Governor Bevin intends to call a special session of the General Assembly this fall to address how our state handles taxes and pensions. His resolve that Kentucky needs more revenue to meet our obligations is commendable.
But we can’t get something for nothing. Instead of cleaning up tax breaks to generate new revenue, Governor Bevin has expressed interest in letting wealthy Kentuckians insert more special breaks into our tax code. “Shifting to a consumption-based tax system” – or from income to sales taxes – is really just about giving big new income tax cuts to people and corporations at the very top and making everyone else pay more.
An upside-down tax plan would exacerbate the worst parts of Kentucky’s tax and budget system.
Shifting to consumption taxes will make our tax system even more upside-down than it already is, where those with more pay less. Today, the wealthiest one percent of Kentuckians pay only six percent of their income in total state and local taxes – the least of any income group.
Such a plan will also lead to more rounds of budget cuts in school funding, services for elderly and disabled Kentuckians, child welfare, libraries and other state investments, and an even harder time meeting pension obligations. That’s because:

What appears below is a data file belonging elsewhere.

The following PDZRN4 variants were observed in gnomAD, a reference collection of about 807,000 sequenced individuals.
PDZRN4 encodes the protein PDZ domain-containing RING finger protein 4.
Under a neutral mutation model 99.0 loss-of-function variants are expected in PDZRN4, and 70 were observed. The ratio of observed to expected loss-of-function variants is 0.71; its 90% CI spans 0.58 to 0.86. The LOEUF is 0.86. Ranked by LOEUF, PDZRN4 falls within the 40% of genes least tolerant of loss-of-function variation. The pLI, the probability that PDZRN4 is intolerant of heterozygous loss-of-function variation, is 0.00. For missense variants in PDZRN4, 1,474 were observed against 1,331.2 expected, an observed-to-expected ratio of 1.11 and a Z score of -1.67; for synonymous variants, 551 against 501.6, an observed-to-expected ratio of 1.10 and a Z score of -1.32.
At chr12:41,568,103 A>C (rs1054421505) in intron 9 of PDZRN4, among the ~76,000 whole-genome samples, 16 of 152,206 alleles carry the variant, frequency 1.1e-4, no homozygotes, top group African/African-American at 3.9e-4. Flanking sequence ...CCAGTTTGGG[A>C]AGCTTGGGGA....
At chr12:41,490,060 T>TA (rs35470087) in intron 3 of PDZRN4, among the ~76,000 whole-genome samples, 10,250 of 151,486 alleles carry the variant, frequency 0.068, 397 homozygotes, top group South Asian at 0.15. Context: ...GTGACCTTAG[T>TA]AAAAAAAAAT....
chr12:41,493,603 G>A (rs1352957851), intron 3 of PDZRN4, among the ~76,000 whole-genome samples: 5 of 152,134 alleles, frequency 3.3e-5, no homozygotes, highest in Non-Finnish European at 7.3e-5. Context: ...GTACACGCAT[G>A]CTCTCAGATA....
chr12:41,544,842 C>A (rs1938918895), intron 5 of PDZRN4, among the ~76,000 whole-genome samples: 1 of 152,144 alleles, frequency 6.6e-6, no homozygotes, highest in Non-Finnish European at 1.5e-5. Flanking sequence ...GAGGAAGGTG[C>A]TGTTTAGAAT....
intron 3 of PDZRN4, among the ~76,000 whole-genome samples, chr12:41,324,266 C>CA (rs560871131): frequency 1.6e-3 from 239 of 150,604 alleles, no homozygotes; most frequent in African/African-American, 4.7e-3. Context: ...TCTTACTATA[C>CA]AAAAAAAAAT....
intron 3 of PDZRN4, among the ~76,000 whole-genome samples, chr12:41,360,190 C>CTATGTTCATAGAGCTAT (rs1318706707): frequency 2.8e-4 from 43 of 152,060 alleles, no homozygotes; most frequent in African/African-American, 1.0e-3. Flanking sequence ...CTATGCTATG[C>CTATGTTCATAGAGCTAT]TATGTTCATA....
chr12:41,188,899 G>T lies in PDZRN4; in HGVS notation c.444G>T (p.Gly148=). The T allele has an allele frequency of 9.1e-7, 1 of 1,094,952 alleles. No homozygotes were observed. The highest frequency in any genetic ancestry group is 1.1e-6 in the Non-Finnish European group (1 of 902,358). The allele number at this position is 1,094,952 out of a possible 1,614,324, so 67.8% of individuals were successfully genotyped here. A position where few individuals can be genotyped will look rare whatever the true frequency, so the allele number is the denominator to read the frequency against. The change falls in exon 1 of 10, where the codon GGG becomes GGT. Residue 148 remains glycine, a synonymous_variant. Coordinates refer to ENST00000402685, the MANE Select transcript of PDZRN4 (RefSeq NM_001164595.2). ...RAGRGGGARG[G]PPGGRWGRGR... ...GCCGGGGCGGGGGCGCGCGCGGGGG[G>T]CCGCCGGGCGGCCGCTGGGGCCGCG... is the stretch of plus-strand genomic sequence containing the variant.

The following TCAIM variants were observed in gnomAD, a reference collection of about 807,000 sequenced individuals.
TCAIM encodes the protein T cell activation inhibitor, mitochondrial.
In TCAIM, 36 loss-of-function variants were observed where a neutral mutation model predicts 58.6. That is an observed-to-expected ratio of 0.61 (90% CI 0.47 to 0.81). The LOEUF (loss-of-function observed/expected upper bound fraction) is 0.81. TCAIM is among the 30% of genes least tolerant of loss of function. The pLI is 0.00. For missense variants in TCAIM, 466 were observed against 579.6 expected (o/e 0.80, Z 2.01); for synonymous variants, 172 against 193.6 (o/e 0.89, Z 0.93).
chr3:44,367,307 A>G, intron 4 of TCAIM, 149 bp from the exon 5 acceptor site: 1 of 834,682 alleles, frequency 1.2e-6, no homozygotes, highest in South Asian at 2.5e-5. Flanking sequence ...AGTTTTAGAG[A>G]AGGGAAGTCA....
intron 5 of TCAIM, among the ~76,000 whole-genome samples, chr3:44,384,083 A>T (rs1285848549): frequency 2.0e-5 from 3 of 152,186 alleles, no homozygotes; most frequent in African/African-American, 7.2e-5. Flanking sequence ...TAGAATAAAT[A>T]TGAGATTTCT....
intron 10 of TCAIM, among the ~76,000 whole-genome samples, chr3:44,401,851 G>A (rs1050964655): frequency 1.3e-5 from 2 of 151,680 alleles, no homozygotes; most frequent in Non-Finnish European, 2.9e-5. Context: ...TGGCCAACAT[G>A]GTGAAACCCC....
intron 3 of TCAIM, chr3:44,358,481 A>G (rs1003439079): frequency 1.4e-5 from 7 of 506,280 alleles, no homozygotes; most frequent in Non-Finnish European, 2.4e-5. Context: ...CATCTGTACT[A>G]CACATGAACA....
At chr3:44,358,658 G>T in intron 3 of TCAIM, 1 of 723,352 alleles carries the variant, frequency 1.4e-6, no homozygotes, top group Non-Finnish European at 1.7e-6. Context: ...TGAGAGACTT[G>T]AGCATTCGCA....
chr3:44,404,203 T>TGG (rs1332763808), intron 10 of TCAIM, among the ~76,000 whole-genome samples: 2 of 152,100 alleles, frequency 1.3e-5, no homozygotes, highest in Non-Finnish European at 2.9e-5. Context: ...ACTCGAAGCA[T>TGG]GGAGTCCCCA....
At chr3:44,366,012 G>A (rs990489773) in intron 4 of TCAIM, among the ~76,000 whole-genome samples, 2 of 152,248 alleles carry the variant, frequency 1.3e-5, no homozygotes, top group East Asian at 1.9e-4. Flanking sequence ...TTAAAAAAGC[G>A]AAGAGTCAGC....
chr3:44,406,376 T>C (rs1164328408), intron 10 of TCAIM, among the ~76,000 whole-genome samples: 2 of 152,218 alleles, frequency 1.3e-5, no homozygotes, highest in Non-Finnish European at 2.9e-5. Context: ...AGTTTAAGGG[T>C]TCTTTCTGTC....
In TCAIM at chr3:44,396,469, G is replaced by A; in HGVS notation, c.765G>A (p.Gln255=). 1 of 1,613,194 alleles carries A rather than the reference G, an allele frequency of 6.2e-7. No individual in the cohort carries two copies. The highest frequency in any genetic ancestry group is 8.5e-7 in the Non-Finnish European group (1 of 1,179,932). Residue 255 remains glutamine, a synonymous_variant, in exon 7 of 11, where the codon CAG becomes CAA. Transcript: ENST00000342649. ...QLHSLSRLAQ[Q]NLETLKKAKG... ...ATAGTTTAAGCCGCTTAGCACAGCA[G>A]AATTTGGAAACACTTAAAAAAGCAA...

- Income tax cuts don’t result in the kind of economic and revenue growth promised: the wealthy save their tax breaks or spend them out of state.
- Income taxes track today’s rapid income growth for people at the top, while sales taxes track low- and middle-income households’ stagnant purchasing power.
And revenue is already failing to keep up with the economy in Kentucky. It would be irresponsible for legislators to slow revenue growth at a time when we’ve already cut programs and services to the bone.
We shouldn’t follow other states down this treacherous path.
States like Kansas, Ohio, Louisiana and Oklahoma that have cut income taxes and increased their reliance on sales taxes are in dire financial straits. Instead of leaping ahead economically, they face lagging revenue growth, large deficits, school funding cuts, credit downgrades and the need to raise taxes.
The Governor is right that we need more revenue, but we need to make the right decisions to put Kentucky back on a path to prosperity.
Your voice is important in the fight for a tax system where everyone chips in for the investments that benefit us all. Learn more about how you can get involved by visiting our Toolkit, and about the difference between an upside-down tax shift and real reform on our Resources page.